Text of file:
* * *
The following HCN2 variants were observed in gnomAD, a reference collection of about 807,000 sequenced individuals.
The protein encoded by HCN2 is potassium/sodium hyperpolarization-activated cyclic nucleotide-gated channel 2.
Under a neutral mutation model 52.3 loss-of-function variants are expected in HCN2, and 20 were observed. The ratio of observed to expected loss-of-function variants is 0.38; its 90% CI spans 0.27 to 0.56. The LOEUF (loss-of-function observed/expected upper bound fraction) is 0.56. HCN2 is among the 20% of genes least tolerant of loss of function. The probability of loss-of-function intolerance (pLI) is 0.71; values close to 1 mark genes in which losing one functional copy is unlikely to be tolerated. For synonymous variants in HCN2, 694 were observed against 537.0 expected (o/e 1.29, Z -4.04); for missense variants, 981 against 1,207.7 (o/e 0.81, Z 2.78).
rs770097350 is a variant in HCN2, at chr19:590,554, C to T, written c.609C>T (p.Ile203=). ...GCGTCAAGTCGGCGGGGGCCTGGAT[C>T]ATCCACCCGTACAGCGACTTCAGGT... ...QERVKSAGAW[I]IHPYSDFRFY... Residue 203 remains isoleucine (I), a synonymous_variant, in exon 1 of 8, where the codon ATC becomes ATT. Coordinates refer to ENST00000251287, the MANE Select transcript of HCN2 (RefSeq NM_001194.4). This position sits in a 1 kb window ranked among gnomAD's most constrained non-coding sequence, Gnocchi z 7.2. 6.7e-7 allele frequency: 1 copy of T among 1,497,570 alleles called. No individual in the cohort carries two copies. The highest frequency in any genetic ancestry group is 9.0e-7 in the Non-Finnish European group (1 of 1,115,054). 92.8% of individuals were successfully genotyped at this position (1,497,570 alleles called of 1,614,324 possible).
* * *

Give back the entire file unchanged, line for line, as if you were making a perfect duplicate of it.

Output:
The following HCN2 variants were observed in gnomAD, a reference collection of about 807,000 sequenced individuals.
The protein encoded by HCN2 is potassium/sodium hyperpolarization-activated cyclic nucleotide-gated channel 2.
Under a neutral mutation model 52.3 loss-of-function variants are expected in HCN2, and 20 were observed. The ratio of observed to expected loss-of-function variants is 0.38; its 90% CI spans 0.27 to 0.56. The LOEUF (loss-of-function observed/expected upper bound fraction) is 0.56. HCN2 is among the 20% of genes least tolerant of loss of function. The probability of loss-of-function intolerance (pLI) is 0.71; values close to 1 mark genes in which losing one functional copy is unlikely to be tolerated. For synonymous variants in HCN2, 694 were observed against 537.0 expected (o/e 1.29, Z -4.04); for missense variants, 981 against 1,207.7 (o/e 0.81, Z 2.78).
rs770097350 is a variant in HCN2, at chr19:590,554, C to T, written c.609C>T (p.Ile203=). ...GCGTCAAGTCGGCGGGGGCCTGGAT[C>T]ATCCACCCGTACAGCGACTTCAGGT... ...QERVKSAGAW[I]IHPYSDFRFY... Residue 203 remains isoleucine (I), a synonymous_variant, in exon 1 of 8, where the codon ATC becomes ATT. Coordinates refer to ENST00000251287, the MANE Select transcript of HCN2 (RefSeq NM_001194.4). This position sits in a 1 kb window ranked among gnomAD's most constrained non-coding sequence, Gnocchi z 7.2. 6.7e-7 allele frequency: 1 copy of T among 1,497,570 alleles called. No individual in the cohort carries two copies. The highest frequency in any genetic ancestry group is 9.0e-7 in the Non-Finnish European group (1 of 1,115,054). 92.8% of individuals were successfully genotyped at this position (1,497,570 alleles called of 1,614,324 possible).